Opportunities of Anger

Suffice it to say, we generally go into defense mode in the face of anger.  We can feel like fighting back, defending, justifying, making the other person wrong, distracting…  all sorts of things to take the uncomfortable focus off of something we have potentially done “wrong” or that has hurt someone we care about.  Why?  Well, because “wrong” doesn’t feel very good, right?   Sometimes we will quickly say, “I’m sorry,” with the justifiable hope that that’s all it will—or at least “should”—take.  I mean, we said “sorry” right?  Why is this person still upset?

Well, remember that anger is not only cognitive.  It’s somatic.  That means it’s occurring on a body level—and we can no longer wish it into nonexistence than we can a broken arm.  Something deeper than “thought” needs to shift and when a person says “sorry” too soon, it can often be the result of their own discomfort in handling the overwhelming experience of another’s anger.  In fact, most of the ways in which we manage our emotional response to anger are really saying, “Okay, that’s all I can handle of your authentic emotion.  Will you stop now?”

The 8 Tools

So, I’d like to offer some Eight “Tools” for when we are confronted with someone else’s anger.   My hope is that, as we begin to practice tolerating others intensity, we provide the space for those we love to show up more fully, more authentically, vibrantly and alive!  Ultimately, aliveness begets aliveness.  Pretty soon, we’re living in a world where all of our emotions have room to breathe!

  • If you’re in close physical proximity to a person who is expressing anger, it can sometimes be helpful to simply take a step or two backward—just to Offer Space to them so that they are able to fully express themselves while you practice some awareness around your personal sense of boundaries and needs.  If you’re not in close physical proximity—maybe talking over the phone—you can imagine yourself in a “bubble” of sorts, energetically maintaining a boundary for yourself to feel safe and with a more objective view.
  • BREATHE.  I know, simple.  And we hear it all the damn time.  And still we forget and when our brains get reactive and protective, we still our breathing—this is connected to the “fight/flight/freeze” response.  If we’re freezing, we generally stop breathing.  So take a deep breath and do a quick scan for tension in your body.  Breathe deeply into your belly.  And if you have the opportunity, it may be helpful to say something like, “I really want to hear you but I’m feeling a little reactive.  Can you give me a second or two to relax myself so I can hear you better?”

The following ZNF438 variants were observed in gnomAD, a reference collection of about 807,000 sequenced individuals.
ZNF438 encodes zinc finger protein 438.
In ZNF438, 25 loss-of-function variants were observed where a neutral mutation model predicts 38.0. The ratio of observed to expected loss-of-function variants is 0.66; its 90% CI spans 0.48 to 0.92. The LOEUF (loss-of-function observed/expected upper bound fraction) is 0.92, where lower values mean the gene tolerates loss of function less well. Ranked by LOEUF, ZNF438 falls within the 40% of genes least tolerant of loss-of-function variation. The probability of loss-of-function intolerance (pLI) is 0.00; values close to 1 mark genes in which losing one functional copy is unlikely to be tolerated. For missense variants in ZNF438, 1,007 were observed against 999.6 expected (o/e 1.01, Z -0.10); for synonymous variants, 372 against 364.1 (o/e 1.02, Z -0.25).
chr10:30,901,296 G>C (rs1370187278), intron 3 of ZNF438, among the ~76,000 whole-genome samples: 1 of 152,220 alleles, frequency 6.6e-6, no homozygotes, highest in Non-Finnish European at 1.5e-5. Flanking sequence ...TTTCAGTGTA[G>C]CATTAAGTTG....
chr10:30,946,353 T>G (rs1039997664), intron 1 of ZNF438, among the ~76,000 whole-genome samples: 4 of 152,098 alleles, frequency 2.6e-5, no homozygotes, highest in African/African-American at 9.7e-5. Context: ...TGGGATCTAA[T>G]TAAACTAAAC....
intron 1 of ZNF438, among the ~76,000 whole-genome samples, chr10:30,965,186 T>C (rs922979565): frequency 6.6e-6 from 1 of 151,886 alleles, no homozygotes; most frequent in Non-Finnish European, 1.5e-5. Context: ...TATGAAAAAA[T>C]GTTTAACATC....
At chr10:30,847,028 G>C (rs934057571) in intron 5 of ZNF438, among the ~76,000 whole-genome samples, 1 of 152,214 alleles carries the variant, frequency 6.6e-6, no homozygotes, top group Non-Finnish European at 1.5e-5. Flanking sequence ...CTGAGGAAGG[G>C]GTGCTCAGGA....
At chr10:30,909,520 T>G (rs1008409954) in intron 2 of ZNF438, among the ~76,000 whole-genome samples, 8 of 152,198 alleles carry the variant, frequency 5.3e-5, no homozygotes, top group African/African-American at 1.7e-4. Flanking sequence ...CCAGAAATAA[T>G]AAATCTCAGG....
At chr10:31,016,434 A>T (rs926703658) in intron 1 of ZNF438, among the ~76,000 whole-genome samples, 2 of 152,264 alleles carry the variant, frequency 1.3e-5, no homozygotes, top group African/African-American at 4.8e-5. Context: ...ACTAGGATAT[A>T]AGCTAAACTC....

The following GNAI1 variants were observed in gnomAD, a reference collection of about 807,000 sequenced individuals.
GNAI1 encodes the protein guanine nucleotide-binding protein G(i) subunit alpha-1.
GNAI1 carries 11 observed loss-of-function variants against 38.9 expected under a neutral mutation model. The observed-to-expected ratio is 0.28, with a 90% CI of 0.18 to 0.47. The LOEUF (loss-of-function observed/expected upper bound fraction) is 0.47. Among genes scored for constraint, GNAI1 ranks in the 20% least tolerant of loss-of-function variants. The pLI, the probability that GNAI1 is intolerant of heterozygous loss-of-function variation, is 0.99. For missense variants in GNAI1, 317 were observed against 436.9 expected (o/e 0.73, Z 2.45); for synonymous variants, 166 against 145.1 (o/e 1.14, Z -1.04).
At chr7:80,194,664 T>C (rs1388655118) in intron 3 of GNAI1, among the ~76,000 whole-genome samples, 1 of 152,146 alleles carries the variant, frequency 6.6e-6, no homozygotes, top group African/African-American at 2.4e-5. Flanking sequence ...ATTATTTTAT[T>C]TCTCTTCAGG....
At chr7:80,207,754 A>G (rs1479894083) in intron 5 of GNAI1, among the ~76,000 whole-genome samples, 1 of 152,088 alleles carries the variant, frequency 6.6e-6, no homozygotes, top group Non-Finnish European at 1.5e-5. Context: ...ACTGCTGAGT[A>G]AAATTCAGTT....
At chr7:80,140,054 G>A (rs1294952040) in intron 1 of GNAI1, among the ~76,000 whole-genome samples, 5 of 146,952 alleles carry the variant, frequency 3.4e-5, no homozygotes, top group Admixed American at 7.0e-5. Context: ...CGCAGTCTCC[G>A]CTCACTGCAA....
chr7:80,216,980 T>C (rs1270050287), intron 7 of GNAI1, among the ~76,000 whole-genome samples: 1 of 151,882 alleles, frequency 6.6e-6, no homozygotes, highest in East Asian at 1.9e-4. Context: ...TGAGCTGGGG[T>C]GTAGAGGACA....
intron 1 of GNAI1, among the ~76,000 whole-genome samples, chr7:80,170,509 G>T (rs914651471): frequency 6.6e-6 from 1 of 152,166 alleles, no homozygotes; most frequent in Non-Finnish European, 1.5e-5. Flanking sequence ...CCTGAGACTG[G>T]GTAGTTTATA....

• Which brings me to my next point:  Just because you want to stay present to the other person, that doesn’t mean you dismiss your own needs.  So Speak Up before you’re running away or attacking.  Let the other person know that while you want to allow them the space and safety to openly share their intensity, that if it becomes overwhelming for you—to the point where your brain begins to shut down—that you need to take a minute (or more) to ground, breathe, and refocus.
  • Attune to your inner voice—the part of you that wants to just make this stop.  Keep reminding yourself that we all get angry—that it’s normal and that it’s okay.  It’s a momentary emotion that, with processing and sharing, lessens.  When responded to with authentic openness, anger most often dissipates relatively quickly.  Also, however, practice your own boundary setting.  If you’re not able to stay present, calmly ask for an hour–maybe a couple–to calm your nervous system and come back with more openness.  But don’t ever just walk away, abandoning your loved one in the midst of their own anguish.
  • If necessary, Request that the person who is angry own their emotions—ask him to make “I” statements and to take responsibility for whatever might be “his part.”  Hear what he has to say and take time letting it sink in.  Remember that honoring another’s experience doesn’t make them “right” and you “wrong.”  It simply allows them to share their unique perspective and feelings, opening the doorway for you to strengthen your ability to manage your own reactions and broaden your perspective.
  • Practice allowing yourself to experience YOUR anger, owning your personal experience—thoughts, sensations, and expression—of anger when it arises for you.  Make a habit of sharing it with someone with whom you have a sense of safety in developing this practice.  Be okay not doing it perfectly!  Consider that very few people have had anger modeled to them in a healthy, safe way and it’s going to take time to become comfortable expressing it healthily.  Try to even find some humor in the fact that most of us just don’t do it very well!
  • Reflect back the pieces that you hear from the other about why they’re angry, what else they may be feeling—practice some active listening skills and then state back to them what you’ve heard without filling in the spaces with your own emotional protection strategies.
  • Ask for clarification—and space—when you need it.